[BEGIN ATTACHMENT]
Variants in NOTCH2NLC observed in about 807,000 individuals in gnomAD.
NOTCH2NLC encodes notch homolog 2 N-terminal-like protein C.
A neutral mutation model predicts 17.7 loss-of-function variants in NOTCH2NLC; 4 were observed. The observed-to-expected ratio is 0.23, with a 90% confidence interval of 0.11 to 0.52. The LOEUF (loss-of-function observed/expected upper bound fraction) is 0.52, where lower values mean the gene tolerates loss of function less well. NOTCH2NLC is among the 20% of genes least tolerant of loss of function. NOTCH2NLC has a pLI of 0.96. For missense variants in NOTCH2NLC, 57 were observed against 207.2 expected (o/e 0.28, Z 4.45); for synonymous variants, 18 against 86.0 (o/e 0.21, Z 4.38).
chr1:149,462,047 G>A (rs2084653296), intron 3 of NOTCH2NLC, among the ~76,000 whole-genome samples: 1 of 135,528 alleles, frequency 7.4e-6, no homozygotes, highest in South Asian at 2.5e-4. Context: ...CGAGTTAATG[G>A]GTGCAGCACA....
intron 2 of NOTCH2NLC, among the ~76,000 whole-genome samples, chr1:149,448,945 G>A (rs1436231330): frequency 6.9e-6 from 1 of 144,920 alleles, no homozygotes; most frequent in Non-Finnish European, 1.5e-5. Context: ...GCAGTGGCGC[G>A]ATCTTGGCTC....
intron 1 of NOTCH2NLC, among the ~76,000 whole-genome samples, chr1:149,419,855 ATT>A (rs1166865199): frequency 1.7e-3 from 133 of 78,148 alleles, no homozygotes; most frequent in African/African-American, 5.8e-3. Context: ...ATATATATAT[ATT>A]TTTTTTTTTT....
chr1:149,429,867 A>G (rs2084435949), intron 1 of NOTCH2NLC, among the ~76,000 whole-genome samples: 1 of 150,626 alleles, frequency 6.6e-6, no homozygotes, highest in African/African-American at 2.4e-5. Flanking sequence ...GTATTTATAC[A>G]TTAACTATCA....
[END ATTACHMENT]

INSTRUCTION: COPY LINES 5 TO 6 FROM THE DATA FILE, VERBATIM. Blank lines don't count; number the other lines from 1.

intron 2 of NOTCH2NLC, among the ~76,000 whole-genome samples, chr1:149,448,945 G>A (rs1436231330): frequency 6.9e-6 from 1 of 144,920 alleles, no homozygotes; most frequent in Non-Finnish European, 1.5e-5. Context: ...GCAGTGGCGC[G>A]ATCTTGGCTC....
intron 1 of NOTCH2NLC, among the ~76,000 whole-genome samples, chr1:149,419,855 ATT>A (rs1166865199): frequency 1.7e-3 from 133 of 78,148 alleles, no homozygotes; most frequent in African/African-American, 5.8e-3. Context: ...ATATATATAT[ATT>A]TTTTTTTTTT....